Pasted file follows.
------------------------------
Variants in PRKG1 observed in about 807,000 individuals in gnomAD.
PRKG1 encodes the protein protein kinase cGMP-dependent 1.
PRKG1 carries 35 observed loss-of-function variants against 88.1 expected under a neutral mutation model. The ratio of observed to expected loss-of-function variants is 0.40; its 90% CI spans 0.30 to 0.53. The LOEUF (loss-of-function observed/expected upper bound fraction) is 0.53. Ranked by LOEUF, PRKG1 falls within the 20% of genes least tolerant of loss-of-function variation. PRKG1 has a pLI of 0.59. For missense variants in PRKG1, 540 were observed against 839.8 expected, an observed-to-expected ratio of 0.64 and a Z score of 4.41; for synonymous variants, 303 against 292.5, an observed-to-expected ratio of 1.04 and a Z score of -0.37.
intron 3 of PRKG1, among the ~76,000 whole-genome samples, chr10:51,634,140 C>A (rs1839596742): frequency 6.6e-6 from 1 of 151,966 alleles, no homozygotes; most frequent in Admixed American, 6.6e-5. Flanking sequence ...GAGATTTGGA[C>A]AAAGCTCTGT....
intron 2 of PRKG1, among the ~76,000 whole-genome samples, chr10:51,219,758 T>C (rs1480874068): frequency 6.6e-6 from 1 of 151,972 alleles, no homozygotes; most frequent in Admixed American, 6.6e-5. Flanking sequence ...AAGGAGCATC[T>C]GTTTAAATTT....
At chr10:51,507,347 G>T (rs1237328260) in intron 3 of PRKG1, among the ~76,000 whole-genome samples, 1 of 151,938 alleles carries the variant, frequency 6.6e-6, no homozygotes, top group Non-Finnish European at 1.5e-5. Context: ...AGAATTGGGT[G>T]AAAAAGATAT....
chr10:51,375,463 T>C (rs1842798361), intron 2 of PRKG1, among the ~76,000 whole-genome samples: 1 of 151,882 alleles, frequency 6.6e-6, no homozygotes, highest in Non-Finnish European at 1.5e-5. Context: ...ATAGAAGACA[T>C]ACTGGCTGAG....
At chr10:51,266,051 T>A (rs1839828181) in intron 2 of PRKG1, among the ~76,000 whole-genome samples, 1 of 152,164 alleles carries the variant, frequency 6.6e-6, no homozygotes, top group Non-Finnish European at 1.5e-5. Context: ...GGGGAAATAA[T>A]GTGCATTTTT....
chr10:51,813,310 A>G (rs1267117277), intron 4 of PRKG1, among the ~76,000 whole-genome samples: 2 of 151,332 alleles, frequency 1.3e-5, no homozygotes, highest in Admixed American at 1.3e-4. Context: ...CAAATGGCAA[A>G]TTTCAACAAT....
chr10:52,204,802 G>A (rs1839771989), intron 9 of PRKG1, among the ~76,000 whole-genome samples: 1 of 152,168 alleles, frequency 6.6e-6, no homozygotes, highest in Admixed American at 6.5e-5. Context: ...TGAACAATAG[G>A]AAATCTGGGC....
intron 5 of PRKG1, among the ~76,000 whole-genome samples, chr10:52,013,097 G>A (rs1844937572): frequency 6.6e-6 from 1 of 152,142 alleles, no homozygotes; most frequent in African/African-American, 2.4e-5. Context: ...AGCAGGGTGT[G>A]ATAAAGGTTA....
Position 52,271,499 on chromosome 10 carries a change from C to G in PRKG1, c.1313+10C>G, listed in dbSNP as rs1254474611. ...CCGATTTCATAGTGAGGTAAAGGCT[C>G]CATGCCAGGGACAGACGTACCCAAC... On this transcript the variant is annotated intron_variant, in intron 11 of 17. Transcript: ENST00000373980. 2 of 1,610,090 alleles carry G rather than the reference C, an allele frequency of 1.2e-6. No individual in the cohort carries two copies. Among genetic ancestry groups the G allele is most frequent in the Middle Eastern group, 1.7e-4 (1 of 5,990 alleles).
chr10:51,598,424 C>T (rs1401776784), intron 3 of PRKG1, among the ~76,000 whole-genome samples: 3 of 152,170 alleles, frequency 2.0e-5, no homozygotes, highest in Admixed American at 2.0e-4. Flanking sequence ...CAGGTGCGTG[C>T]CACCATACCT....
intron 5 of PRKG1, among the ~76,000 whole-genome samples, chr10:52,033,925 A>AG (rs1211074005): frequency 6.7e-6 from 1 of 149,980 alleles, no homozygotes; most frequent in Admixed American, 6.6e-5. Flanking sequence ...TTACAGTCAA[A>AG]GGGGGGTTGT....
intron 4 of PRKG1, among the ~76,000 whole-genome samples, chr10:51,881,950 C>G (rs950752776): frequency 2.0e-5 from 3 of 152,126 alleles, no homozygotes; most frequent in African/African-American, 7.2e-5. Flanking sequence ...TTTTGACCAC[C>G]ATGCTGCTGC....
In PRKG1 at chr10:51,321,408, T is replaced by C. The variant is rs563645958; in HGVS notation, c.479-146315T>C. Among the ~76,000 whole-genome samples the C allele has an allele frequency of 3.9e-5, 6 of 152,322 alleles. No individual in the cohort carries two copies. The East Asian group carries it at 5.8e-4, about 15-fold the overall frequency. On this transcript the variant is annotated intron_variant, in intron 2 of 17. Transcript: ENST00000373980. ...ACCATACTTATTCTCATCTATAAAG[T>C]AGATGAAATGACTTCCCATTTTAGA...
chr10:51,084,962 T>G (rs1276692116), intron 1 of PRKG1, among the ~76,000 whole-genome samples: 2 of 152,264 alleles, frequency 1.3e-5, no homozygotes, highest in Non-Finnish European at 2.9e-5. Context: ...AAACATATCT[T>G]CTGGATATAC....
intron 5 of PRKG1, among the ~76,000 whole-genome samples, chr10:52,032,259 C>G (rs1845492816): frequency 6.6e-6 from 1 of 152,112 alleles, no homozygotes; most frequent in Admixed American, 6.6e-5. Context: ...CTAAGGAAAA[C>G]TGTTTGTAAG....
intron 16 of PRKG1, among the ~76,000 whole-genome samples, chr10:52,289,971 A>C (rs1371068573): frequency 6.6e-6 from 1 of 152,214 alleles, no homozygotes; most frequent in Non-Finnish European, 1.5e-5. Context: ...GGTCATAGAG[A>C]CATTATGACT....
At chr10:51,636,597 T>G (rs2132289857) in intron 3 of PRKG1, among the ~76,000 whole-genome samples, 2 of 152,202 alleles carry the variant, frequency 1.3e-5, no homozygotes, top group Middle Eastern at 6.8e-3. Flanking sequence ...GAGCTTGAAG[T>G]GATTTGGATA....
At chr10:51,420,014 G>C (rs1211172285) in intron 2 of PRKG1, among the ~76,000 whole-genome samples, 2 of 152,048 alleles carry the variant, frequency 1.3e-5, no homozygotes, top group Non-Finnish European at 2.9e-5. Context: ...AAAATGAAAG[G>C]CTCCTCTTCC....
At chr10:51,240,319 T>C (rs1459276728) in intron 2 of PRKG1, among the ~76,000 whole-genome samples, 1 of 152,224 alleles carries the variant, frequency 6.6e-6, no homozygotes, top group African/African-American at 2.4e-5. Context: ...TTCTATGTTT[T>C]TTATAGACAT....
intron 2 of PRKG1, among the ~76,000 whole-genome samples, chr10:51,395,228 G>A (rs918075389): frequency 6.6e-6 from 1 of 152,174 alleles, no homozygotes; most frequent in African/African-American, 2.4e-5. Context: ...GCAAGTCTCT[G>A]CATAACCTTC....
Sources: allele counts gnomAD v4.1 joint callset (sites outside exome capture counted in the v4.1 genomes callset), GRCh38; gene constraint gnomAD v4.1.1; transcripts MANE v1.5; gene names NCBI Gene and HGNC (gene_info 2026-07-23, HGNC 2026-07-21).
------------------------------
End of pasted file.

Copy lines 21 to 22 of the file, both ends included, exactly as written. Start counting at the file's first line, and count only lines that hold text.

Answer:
At chr10:51,420,014 G>C (rs1211172285) in intron 2 of PRKG1, among the ~76,000 whole-genome samples, 2 of 152,048 alleles carry the variant, frequency 1.3e-5, no homozygotes, top group Non-Finnish European at 2.9e-5. Context: ...AAAATGAAAG[G>C]CTCCTCTTCC....
At chr10:51,240,319 T>C (rs1459276728) in intron 2 of PRKG1, among the ~76,000 whole-genome samples, 1 of 152,224 alleles carries the variant, frequency 6.6e-6, no homozygotes, top group African/African-American at 2.4e-5. Context: ...TTCTATGTTT[T>C]TTATAGACAT....